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    Exploring Malaysia’s Chinese-Constructed ‘Ghost City’

    Forest City: The Abandoned Chinese-Built Housing Complex in Malaysia

    “I managed to escape this place,” laughs Nazmi Hanafiah, a 30-year-old IT engineer who rented a one-bedroom flat at Forest City in Johor, Malaysia. He describes the sprawling housing complex as a “ghost town” and couldn’t wait to leave. Forest City, a $100 billion mega-project launched by China’s largest property developer, Country Garden, in 2016, was meant to be an eco-friendly metropolis housing nearly one million people. But today, only 15% of the project has been built, and just over 1% of it is occupied.

    The isolated location of Forest City, built on reclaimed islands far from the nearest major city, has deterred potential tenants and earned it the nickname “Ghost City.” The once-promising development, with its ambitious plans of a golf course, waterpark, offices, bars, and restaurants, now stands as a barren reminder of China’s property crisis. Country Garden, facing debts of nearly $200 billion, remains optimistic about completing the project but struggles with a lack of cash flow.

    Residents like Mr. Nazmi and Joanne Kaur, who live in the tower blocks, describe the place as eerie and lonely. They highlight the lack of facilities and activities, leaving them with little reason to stay. The once-vibrant shopping mall now has closed shops and restaurants, and the only glimpse of life comes from pockets of local drinkers taking advantage of the area’s duty-free status. At night, Forest City becomes pitch dark, with only a few apartment units lit up in the entire complex.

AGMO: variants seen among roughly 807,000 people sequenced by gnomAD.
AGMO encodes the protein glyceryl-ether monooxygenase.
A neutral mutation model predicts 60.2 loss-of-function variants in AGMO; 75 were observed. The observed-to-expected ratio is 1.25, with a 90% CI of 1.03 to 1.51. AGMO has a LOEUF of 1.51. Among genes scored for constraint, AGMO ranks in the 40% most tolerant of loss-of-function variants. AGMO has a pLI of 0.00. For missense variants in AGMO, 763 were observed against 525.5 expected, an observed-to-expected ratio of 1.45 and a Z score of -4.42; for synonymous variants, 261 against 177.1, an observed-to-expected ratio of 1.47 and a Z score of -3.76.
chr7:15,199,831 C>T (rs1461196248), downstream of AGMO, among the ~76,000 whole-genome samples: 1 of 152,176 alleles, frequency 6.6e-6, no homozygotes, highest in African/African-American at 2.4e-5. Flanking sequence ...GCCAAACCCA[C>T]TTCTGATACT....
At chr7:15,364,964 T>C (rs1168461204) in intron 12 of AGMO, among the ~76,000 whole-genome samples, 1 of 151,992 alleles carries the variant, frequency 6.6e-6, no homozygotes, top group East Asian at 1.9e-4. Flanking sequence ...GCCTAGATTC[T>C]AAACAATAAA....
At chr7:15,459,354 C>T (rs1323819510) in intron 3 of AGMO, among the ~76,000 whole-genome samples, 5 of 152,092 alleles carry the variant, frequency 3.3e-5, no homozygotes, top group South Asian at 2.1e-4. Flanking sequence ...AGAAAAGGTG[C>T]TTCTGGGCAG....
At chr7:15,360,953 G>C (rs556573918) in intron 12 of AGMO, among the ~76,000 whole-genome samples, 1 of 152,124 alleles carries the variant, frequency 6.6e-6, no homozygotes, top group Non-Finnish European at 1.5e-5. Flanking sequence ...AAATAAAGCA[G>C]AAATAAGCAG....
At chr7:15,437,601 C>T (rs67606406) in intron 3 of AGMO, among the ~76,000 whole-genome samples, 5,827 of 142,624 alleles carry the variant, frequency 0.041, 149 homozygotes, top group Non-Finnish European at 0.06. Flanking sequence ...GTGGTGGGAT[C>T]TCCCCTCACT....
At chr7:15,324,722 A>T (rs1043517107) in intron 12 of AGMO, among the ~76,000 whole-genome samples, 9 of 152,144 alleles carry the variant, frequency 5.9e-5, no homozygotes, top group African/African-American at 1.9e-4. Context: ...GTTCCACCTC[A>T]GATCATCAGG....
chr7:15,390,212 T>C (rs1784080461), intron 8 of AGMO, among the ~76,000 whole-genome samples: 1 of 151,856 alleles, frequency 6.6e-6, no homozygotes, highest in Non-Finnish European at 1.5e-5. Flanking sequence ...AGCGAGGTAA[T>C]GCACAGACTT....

Forest City’s situation reflects the broader property crisis in China. The government’s efforts to curb speculation and control borrowing have left major developers struggling to finish projects. Travel restrictions and financial controls have further hampered overseas ventures like Forest City. Buyers who have invested in Forest City and other similar developments express frustration and regret, with some even seeking refunds due to plummeting property prices.

    Country Garden insists that Forest City is “safe and stable” and that it will benefit from being included in a new special economic zone between Malaysia and Singapore. However, without access to sufficient funds and the uncertainty surrounding the Chinese property market, completing projects and attracting residents remains a daunting challenge.

    The fate of Forest City and other projects across China ultimately rests in the hands of the Chinese government. Reports suggest that Country Garden may receive financial support, but the extent of assistance is unclear. Meanwhile, disillusioned tenants like Mr. Nazmi vow to choose more carefully in the future and are relieved to have escaped the isolated and desolate Forest City.

    In conclusion, Forest City serves as a stark reminder that ambitious development plans alone are not enough to lure residents. The Chinese property crisis has exposed the flaws in the overly speculative market, and the success of projects like Forest City depends heavily on government support and financial stability.

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